We have an adopted greyhound. Racing greyhounds are all crate trained... because when they are not racing, they need to be controlled in a small environment (for transporting & otherwise) & so they live in crates/cages. We got ours with the crate, and, during the day, she pretty much had free reign of the house (although the crate door was always open if she needed to 'get away from it all'), & she only went into the crate at bedtime. However, she realized early on that she was a family member (she being the very bright girl that she is) & since she was a family member, she gave up her crate. [To prove & to reinforce that point she broke my wife's ankle (but that is another story entirely).] Bottom line: for a dog, the crate is a secure area- a SAFE area.

Some dogs NEVER wish to give up their crate, & some do. BUT IT IS A SAFE HAVEN for them, and once they learn that, they know they can never get in trouble when they are in the crate, & they like that! It gives them limits & they know that, and that makes them good dogs.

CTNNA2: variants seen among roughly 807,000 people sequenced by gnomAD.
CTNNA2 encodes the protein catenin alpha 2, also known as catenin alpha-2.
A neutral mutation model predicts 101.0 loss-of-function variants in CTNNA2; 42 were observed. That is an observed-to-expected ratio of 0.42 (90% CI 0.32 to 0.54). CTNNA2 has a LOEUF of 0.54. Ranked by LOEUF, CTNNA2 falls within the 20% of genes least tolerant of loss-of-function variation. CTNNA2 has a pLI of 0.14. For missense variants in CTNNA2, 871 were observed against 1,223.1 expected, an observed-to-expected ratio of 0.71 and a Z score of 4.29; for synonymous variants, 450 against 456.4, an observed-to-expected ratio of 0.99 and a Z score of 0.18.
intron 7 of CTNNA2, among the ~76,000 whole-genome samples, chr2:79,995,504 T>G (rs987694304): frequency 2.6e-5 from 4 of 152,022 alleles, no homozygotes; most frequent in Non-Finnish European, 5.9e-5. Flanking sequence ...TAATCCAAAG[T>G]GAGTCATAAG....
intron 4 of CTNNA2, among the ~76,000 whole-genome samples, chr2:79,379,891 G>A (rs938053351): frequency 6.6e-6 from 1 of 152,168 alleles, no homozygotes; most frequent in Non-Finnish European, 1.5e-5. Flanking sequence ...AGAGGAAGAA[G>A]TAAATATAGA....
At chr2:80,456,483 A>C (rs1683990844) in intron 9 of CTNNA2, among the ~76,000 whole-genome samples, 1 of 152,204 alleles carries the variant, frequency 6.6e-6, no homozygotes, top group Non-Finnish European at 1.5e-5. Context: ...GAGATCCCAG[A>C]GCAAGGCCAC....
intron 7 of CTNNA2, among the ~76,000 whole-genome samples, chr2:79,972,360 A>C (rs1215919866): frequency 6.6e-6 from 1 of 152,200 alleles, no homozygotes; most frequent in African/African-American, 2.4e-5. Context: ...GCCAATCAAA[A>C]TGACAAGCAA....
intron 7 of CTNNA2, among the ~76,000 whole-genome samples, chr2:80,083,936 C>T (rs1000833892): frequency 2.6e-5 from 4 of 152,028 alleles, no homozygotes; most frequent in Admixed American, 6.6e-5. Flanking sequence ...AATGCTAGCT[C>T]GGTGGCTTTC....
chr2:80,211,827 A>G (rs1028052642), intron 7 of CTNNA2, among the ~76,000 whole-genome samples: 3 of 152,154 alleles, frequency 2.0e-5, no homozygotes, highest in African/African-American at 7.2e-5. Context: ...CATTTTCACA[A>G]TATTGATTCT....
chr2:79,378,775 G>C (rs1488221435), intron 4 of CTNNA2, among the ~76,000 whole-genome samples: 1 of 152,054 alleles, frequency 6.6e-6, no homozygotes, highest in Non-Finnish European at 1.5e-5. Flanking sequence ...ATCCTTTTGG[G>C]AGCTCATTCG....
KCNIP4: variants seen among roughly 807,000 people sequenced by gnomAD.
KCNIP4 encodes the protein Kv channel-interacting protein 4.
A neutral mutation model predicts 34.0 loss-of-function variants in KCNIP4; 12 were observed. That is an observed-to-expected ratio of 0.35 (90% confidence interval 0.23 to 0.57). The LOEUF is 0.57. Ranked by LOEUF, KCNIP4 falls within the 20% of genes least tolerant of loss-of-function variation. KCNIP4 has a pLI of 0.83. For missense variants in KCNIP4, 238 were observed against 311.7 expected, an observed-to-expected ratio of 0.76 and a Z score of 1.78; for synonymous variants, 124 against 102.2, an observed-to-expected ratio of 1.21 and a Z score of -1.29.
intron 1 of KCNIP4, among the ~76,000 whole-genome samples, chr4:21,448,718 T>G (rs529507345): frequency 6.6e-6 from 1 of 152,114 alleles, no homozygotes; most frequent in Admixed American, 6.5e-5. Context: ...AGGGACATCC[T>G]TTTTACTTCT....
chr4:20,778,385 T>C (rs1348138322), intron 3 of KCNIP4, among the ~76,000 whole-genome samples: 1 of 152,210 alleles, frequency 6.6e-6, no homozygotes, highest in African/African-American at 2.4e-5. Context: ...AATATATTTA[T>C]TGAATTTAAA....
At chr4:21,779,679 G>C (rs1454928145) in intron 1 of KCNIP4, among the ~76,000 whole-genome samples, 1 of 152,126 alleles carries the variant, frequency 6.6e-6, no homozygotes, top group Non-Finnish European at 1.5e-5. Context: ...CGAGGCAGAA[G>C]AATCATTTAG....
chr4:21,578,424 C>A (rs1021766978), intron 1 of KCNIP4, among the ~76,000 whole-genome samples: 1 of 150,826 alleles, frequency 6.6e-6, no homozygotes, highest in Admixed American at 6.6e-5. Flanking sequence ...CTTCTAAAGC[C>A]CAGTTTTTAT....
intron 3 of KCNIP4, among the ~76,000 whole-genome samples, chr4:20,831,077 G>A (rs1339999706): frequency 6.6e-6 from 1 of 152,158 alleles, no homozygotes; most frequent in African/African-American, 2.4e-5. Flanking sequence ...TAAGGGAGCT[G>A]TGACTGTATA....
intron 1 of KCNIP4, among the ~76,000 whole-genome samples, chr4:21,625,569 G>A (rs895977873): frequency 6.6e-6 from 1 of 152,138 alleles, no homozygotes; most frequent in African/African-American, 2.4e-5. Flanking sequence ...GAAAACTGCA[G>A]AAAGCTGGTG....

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you could always call that Dog Whisperer guy! :-P

Crating does not always work either, Tucker (my profile pic) learned how to get out of his crate. He would flip it over, get the tray out of the bottom and then get the bottom loose. This was one of the big wire crates... I should have named him Houdini as he gets out of anything..

Edited by BradB

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you could always call that Dog Whisperer guy! :-P

Crating does not always work either, Tucker (my profile pic) learned how to get out of his crate. He would flip it over, get the tray out of the bottom and then get the bottom loose. This was one of the big wire crates... I should have named him Houdini as he gets out of anything..